"What do you-" She stood on the corner and wiped her eye again but now she was crying. Somehow she was crying by the time we reached the same corner and were almost all the way into a cab. "I'm going," I said, and shut the door. She stared at me through the window like I was maybe nothing. The cabdriver asked me where I wanted to go and I told him Seventy - ninth Street and then I apologized for making him wait like that at the corner and told him I would give him an extra couple of bucks or something. "Don't worry about it," he said, and looked at me in the rearview mirror, a polite smile. His eyes veered off my reflection and onto the reflection of the traffic behind us, so we could merge, and we merged, and that's when, immediately, I fell in love with my cabdriver.
"I changed my mind," I told him. Then I decided I shouldn't tell him, not yet. His cab number was 6J108. His first name was Peter, I saw, and his last name looked like somebody had just dropped their forearm onto the typewriter keyboard, someplace in Europe I guess. "Penn Station. I have to go somewhere." I felt the weight of the lie I had told Andrea, enormous and undeserved, and vowed I'd never do something like that again. But not telling Peter everything that was in my heart wasn't a lie, right? That was just good timing. That was just being sensitive. "I don't have to go somewhere," I said, "not really. But I think I should go somewhere."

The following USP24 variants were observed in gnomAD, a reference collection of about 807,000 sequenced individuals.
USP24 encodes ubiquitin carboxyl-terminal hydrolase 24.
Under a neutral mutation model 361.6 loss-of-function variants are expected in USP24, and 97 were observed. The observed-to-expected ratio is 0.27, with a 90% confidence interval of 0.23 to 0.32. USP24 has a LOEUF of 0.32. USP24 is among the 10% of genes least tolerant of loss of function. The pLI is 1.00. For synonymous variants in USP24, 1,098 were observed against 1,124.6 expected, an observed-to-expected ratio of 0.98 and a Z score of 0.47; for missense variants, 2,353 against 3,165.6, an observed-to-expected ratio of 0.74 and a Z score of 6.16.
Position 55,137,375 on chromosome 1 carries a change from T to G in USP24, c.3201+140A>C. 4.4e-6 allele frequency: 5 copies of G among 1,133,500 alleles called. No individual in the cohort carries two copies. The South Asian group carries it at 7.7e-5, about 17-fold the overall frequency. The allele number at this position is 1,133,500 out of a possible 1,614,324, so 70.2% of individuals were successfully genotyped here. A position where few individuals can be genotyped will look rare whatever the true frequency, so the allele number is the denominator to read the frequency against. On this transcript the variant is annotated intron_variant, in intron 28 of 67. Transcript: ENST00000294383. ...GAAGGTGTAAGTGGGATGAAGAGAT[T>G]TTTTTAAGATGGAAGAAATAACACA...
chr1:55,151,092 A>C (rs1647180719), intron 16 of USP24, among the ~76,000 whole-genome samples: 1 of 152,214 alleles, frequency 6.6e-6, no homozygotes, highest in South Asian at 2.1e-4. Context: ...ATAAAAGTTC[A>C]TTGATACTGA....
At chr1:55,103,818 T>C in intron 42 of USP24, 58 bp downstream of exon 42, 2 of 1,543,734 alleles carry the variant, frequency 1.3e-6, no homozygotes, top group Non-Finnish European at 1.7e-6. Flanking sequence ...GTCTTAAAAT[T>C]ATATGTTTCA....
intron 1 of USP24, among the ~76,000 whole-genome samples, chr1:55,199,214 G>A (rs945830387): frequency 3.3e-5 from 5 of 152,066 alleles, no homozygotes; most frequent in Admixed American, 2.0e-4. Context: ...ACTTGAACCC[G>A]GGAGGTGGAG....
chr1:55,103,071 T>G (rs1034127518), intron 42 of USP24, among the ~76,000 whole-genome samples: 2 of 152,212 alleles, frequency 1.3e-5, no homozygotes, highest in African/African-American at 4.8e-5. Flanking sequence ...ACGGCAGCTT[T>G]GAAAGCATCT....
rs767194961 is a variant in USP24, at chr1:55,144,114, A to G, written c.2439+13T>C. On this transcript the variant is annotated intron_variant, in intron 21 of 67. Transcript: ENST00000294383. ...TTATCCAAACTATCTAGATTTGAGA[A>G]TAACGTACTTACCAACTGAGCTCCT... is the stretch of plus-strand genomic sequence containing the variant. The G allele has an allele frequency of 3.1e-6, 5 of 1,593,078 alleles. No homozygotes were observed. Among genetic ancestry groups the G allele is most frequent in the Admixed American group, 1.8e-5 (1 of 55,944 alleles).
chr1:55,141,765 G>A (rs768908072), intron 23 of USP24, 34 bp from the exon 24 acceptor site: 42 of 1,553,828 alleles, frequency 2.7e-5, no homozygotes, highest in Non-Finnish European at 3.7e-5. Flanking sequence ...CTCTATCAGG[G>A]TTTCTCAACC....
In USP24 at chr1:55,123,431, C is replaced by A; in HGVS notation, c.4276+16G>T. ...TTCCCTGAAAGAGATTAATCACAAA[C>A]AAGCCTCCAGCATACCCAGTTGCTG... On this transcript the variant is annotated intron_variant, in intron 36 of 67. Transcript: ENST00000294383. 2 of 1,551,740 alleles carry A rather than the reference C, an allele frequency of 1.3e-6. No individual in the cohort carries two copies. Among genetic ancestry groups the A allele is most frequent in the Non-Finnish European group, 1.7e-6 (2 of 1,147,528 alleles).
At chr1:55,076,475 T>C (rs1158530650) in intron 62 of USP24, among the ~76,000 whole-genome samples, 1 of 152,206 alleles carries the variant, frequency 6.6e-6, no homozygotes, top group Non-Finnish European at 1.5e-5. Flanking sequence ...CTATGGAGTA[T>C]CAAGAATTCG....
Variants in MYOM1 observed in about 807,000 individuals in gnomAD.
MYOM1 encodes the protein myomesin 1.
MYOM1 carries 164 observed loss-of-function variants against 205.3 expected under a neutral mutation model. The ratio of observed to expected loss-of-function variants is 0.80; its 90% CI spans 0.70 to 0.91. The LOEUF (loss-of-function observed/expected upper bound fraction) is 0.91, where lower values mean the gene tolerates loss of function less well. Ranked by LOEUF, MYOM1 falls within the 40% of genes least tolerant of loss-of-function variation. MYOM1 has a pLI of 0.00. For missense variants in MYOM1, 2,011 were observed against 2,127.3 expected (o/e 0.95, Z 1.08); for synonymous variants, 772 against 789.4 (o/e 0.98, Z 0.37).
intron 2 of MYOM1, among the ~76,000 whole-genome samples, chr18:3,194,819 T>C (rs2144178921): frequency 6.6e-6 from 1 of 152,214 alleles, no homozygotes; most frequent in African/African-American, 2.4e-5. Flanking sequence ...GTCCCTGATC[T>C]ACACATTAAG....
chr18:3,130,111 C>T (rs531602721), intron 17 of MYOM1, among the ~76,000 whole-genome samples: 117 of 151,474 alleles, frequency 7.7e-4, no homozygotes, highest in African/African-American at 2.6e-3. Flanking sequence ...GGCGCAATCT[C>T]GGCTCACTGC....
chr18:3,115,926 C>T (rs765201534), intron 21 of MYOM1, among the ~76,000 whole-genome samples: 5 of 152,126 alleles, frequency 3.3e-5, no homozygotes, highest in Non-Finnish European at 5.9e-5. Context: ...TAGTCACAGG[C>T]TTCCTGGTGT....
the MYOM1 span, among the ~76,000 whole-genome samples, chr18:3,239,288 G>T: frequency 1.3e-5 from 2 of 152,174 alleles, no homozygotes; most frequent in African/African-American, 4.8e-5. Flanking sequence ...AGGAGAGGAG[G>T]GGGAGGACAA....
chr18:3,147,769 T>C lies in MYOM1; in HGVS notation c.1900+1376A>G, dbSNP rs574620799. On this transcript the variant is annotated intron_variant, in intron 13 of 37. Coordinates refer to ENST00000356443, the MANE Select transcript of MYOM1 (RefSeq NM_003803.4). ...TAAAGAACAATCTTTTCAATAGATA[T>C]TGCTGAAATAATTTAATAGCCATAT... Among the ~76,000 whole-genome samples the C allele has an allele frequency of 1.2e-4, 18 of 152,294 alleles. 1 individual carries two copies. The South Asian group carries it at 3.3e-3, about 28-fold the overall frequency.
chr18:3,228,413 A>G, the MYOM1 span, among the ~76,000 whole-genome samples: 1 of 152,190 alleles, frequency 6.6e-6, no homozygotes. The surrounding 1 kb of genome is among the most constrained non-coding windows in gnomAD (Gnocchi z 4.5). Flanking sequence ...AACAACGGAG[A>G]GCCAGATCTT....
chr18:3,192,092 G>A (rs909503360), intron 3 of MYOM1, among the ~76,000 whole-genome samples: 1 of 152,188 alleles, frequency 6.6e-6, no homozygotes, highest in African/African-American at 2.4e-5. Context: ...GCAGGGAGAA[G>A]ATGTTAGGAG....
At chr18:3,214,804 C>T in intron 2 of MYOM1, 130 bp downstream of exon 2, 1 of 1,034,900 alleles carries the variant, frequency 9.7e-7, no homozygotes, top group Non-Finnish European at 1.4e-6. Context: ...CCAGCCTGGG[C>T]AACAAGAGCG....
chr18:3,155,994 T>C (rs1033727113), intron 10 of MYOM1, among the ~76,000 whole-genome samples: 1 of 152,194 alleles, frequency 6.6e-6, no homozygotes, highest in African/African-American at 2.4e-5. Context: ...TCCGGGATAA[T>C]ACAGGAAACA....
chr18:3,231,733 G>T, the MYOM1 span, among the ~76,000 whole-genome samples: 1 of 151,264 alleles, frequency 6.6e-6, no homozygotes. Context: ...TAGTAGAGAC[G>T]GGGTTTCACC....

"Okay," he said. It didn't make a difference to him, and I loved him all the more for it. We turned left.
"You have pretty eyes," I said.
"Yeah," Peter said. "It's pretty nice. Since they cleaned it up."
Excerpted from Adverbs by Daniel Handler Excerpted by permission.
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Meet the Author
DANIEL HANDLER is the author of the novels The Basic Eight, Watch Your Mouth and, as Lemony Snicket, the bestselling collection of children’s novels entitled A Series of Unfortunate Events, which has sold more than sixty million copies worldwide, has been translated into thirty-nine languages and was adapted into a feature film starring Jim Carrey and Meryl Streep.